Comments

  1. Report this comment #42633

    Terry S. Singeltary Sr. said:

    I kindly wish to submit the following please ;

    ONE need not look any further than the USDA et al, when it comes to ?undue influence?. I have followed the mad cow USDA debacle ever since the first mad cow was covered up in Texas, let alone the second one that finally took and act of congress and the Honorable Phyllis Fong of the OIG. if not for that, that second mad cow in Texas would have never been confirmed either. then you can move on to the Alabama, and Washington mad cow, and not much has changed since. Still the same old USDA et al. just look at the atypical L-type BASE BSE case in California recently, and the false and misleading statements there from by the USDA et al. NOTHING has changed, except their stories, time and time again. They claim of all those firewalls in place, BSE surviellance, BSE testing, BSE feed ban, all three of those firewalls have failed terribly in the USA, but yet to hear the USDA et al tell it, everything is O.K., no problem, feed ban in place since August 4, 1997, BUT YET, the USDA et al fail to tell you, this mad cow firewall was nothing than ink on paper, it was a PARTIAL AND VOLUNTARY feed ban to begin with, that up until 2006, the amounts of banned suspect mad cow protein that was going into commerce, was measured in TONNAGE, 2007, the measurements were measured in POUNDS, where in 2007, 10 years, one decade, post partial, and voluntary BSE feed ban, there were 10,000,000 MILLION POUNDS, of banned, suspect mad cow protein, mixed with blood, that went out into commerce. AFTER that mad cow warning letter, the warning letters ceased to exist. they never published anymore that I could find. They claim the BSE testing was doing it?s job, until they found out that not only their testing techniques were wrong, but they were TESTING HEALTHY CATTLE, THEY NEW DID NOT HAVE BSE. all this again proven by the OIE and the GAO. They claim the BSE surveillance program worked, again, a lie. Just look at the GAO and OIE reports about that ENHANCED BSE SURVEILLANCE PROGRAM to test only healthy cows, OR, the OBEX ONLY DIAGNOSTIC criteria that was used. They claim NO link to sporadic CJD, and this is false as well. IN my opinion, until we get corporate industry out of policy decision making for the USDA, APHIS, FSIS, FDA et al, until that is changed, you will never have any sound science policy making for consumer safety. they call it GREED $$$ SOURCE REFERENCES MAD COW USDA ATYPICAL L-TYPE BASE BSE, the rest of the story...

    ***Oral Transmission of L-type Bovine Spongiform Encephalopathy in Primate Model

    http://wwwnc.cdc.gov/eid/article/18/1/pdfs/11-1092.pdf

    ***Infectivity in skeletal muscle of BASE-infected cattle

    http://www.neuroprion.org/resources/pdf_docs/conferences/prion2009/prion2009_bookofabstracts.pdf

    ***feedstuffs- It also suggests a similar cause or source for atypical BSE in these countries.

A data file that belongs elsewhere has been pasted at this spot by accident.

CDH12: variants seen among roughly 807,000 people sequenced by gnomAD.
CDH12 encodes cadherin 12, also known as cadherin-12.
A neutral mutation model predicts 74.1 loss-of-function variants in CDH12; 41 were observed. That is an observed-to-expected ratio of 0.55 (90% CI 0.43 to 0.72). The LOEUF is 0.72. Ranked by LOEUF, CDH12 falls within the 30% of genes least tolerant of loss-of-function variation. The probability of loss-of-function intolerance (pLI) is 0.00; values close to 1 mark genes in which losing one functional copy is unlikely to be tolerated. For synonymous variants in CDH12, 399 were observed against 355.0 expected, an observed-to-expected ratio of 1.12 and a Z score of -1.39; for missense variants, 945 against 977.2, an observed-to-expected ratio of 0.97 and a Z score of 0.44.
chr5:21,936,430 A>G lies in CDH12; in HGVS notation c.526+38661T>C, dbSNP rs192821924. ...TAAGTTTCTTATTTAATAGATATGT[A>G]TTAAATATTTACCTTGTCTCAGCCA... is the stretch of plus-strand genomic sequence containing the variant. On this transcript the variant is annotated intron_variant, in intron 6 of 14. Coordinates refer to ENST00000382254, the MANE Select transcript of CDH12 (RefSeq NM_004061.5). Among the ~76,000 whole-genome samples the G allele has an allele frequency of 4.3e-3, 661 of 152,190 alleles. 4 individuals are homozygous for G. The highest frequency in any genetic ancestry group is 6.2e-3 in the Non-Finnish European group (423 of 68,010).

http://www.neuroprion.org/resources/pdf_docs/conferences/prion2009/prion2009_bookofabstracts.pdf

    ***Also, a link is suspected between atypical BSE and some apparently sporadic cases of Creutzfeldt-Jakob disease in humans.

    http://www.neuroprion.org/en/np-neuroprion.html

    Friday, May 11, 2012

    Experimental H-type bovine spongiform encephalopathy characterized by plaques and glial- and stellate-type prion protein deposits

    ***In addition, the present data will support risk assessments in some peripheral tissues derived from cattle affected with H-type BSE.

    http://transmissiblespongiformencephalopathy.blogspot.com/2012/05/experimental-h-type-bovine-spongiform.html

    please see my full full source reference list here ;

    Wednesday, May 16, 2012

    Independent experts should be kept from undue suspicion as well as undue influence

    IN REPLY TO ;

    http://transmissiblespongiformencephalopathy.blogspot.com/2012/05/independent-experts-should-be-kept-from.html

    kind regards,

    terry

    Senior Layperson

    i lost my mom to hvCJD 12/14/97 'confirmed', have been seeking the truth ever since. ...

    Terry S. Singeltary Sr.
    P.O. Box 42
    Bacliff, Texas USA 77518

  2. Report this comment #42931

    Terry S. Singeltary Sr. said:

    What irks many scientists is the USDA?s April 25 statement that the rare disease is ?not generally associated with an animal consuming infected feed.?

    The USDA?s conclusion is a ?gross oversimplification,? said Dr. Paul Brown, one of the world?s experts on this type of disease who retired recently from the National Institutes of Health.

    "(The agency) has no foundation on which to base that statement.?

    ?We can?t say it?s not feed related,? agreed Dr. Linda Detwiler, an official with the USDA during the Clinton Administration now at Mississippi State.

    In the May 1 email to me, USDA?s Cole backed off a bit. ?No one knows the origins of atypical cases of BSE,? she said

    Few scientists would argue that the one California cow which never was headed to the U.S. food supply represents a health hazard.

    But many maintain that the current surveillance is insufficient.

    Dr. Kurt Giles, an expert in neurogenerative diseases now at the University of California, San Francisco, was at Oxford during the British outbreak.

    He told me USDA?s assurances about safety today remind him of British statements during the 1980s.